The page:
Warren Buffet’s annual letter to Berkshire Hathaway shareholders has been, for decades, a must-read resource for sophisticated investors.
But that’s not the audience he’s writing for.
When he sits down to write, he has his sisters Doris and Bettie in mind. In fact, he begins his draft “Dear Doris and Bettie,” and then removes that salutation when he is finished.
Buffet’s intent is to write a letter that is accessible to everyone, not one that impresses (and can only be understood by) those who revel in jargon and complexity.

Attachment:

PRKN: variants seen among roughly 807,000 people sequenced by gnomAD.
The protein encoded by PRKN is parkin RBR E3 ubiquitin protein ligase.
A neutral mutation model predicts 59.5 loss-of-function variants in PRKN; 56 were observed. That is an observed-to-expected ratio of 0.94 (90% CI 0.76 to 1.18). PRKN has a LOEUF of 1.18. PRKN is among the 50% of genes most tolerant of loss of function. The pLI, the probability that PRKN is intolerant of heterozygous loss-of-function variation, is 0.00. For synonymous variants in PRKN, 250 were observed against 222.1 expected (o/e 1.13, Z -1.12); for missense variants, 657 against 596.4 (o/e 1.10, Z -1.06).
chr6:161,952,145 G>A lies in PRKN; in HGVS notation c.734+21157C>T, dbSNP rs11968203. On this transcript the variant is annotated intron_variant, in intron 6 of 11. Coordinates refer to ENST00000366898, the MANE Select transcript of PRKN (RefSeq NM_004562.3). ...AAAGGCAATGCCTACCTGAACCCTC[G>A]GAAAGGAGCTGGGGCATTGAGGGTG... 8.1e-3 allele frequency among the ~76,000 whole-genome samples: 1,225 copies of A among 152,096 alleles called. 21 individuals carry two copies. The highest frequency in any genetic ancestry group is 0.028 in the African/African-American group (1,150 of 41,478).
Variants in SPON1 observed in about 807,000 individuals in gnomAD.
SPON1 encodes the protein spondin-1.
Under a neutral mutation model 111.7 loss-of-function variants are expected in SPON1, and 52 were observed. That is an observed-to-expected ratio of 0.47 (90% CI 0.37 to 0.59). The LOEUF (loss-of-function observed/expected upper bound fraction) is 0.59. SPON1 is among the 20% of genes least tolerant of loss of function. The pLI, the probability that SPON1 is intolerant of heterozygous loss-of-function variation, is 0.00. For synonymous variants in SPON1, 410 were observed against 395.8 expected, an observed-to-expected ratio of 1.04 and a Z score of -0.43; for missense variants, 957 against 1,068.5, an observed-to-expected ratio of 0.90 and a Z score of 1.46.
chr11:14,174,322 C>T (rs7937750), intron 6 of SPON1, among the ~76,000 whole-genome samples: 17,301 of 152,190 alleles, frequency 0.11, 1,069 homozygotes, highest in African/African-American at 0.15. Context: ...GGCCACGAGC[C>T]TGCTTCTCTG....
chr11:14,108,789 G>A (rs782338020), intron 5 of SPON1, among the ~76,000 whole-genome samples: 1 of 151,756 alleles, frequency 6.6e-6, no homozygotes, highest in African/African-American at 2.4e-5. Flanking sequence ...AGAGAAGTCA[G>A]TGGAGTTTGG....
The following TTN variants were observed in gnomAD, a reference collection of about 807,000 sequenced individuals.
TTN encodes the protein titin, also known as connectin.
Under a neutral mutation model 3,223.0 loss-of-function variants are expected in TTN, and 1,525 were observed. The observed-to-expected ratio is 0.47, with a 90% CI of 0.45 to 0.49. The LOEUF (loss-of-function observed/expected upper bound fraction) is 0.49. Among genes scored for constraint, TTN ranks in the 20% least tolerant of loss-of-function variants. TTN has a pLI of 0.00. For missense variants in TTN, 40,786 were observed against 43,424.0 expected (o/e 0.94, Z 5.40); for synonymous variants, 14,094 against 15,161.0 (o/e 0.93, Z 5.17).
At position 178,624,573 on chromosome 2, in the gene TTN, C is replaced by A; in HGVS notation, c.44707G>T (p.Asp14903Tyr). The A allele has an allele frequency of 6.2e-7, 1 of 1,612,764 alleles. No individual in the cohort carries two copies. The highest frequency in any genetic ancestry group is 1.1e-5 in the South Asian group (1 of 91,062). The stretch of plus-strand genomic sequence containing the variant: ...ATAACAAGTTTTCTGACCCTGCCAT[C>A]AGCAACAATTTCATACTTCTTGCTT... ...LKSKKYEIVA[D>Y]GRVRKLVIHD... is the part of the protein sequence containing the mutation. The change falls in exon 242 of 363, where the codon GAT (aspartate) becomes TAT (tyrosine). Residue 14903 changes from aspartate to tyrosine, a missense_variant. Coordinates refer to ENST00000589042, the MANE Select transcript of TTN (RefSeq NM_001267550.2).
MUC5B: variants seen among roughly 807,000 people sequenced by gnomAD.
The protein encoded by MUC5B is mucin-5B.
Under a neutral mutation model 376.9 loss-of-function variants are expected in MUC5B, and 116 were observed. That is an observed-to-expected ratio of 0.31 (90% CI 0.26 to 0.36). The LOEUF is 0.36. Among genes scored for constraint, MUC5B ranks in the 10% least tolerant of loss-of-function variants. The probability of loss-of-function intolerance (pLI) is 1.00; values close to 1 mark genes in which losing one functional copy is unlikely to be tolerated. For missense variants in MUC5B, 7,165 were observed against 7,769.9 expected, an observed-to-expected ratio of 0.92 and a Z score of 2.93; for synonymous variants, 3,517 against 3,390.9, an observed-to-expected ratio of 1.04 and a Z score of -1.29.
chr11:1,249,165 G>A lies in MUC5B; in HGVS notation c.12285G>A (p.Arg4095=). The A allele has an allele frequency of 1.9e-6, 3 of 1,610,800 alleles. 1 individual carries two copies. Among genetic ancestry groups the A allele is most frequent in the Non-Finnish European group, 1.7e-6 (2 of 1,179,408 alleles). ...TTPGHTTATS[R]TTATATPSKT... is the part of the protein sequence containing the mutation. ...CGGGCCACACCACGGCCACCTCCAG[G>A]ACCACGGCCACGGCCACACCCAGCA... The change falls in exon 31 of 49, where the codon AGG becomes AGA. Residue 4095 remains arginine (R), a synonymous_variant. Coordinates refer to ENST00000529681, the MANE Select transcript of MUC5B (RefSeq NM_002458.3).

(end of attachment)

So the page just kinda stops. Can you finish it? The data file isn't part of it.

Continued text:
The underlying advice and insights make it clear that Buffet is an expert. But he doesn’t try to write like one. And that’s what makes him such an effective communicator.
We can all learn (and benefit) from Buffet’s approach, and write better LinkedIn content in the process.
1. Write in the first person.
2. Drop the stiff formality, jargon and legalese.
3. Choose small words instead of big ones.
4. Most of all, understand our audience.
The goal is to create connection and engagement, not to impress. Having that mindset will set you up for success.
After all, expressing big ideas through simple, easy to understand language is the most impressive form of writing. And clear, concise writing makes for effective marketing.